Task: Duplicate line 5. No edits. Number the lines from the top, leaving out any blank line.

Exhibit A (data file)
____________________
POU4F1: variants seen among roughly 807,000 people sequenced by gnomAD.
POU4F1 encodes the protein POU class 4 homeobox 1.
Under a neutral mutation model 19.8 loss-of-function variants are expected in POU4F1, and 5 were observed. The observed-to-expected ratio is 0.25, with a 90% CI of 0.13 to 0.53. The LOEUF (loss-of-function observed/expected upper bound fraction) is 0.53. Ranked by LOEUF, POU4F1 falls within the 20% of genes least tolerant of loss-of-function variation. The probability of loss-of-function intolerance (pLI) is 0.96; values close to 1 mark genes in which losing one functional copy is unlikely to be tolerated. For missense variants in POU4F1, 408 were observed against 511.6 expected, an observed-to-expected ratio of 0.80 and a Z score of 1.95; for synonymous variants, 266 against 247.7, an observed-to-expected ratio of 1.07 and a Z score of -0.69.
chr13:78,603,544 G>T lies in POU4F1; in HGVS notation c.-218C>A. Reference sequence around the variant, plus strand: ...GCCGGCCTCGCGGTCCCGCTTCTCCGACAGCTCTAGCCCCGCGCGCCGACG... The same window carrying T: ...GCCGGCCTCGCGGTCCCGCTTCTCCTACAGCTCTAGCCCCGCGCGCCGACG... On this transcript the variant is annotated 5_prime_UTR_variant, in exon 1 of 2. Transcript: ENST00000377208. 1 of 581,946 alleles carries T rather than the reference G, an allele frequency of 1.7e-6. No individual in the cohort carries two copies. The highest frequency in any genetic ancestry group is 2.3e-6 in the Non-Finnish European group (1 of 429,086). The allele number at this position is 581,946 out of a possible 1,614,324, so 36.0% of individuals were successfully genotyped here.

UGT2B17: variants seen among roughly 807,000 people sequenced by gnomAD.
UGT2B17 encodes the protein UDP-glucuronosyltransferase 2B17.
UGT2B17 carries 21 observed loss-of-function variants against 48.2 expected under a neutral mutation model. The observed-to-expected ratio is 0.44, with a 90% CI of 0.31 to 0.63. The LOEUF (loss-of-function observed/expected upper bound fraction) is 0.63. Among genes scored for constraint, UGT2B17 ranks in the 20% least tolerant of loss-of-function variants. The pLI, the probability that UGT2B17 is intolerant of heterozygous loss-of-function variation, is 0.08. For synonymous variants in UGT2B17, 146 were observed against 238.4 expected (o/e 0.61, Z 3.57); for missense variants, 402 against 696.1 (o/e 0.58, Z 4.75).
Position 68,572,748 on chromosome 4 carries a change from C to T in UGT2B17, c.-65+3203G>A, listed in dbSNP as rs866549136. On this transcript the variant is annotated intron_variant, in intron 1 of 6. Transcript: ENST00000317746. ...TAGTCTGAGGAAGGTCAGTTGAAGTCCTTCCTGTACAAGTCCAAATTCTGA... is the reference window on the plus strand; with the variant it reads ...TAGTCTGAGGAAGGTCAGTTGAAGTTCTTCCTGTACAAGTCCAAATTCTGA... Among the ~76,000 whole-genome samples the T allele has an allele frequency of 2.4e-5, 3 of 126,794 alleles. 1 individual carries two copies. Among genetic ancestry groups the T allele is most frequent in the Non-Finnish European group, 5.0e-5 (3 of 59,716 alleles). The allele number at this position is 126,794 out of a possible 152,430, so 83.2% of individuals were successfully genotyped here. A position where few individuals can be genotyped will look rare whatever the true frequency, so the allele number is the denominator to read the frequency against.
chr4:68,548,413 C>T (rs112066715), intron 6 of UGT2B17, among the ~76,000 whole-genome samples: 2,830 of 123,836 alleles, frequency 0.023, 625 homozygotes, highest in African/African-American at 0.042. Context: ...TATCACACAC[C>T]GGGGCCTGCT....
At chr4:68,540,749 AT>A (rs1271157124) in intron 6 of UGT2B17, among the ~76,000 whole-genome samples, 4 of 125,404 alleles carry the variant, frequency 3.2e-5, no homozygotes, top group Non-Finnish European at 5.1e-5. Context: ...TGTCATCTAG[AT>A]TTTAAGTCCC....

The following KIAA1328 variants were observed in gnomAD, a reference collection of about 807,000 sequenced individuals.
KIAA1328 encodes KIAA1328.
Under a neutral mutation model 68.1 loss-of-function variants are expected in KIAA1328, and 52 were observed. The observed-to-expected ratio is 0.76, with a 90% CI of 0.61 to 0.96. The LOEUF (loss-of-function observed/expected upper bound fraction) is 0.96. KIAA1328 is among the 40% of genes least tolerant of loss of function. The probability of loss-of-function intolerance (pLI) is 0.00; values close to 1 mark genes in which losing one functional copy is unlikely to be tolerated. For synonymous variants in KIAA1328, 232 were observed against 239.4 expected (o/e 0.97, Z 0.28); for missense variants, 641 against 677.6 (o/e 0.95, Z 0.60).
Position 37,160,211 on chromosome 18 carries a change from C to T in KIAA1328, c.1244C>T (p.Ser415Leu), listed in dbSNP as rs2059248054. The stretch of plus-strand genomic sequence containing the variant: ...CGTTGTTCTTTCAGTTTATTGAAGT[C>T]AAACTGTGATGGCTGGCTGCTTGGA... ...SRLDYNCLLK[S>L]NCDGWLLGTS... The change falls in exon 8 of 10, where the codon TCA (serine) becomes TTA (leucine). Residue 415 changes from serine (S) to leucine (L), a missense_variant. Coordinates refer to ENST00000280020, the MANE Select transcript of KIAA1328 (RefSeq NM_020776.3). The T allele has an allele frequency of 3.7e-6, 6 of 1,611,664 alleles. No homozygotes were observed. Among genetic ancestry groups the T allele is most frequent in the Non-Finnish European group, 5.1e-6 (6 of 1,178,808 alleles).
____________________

UGT2B17: variants seen among roughly 807,000 people sequenced by gnomAD.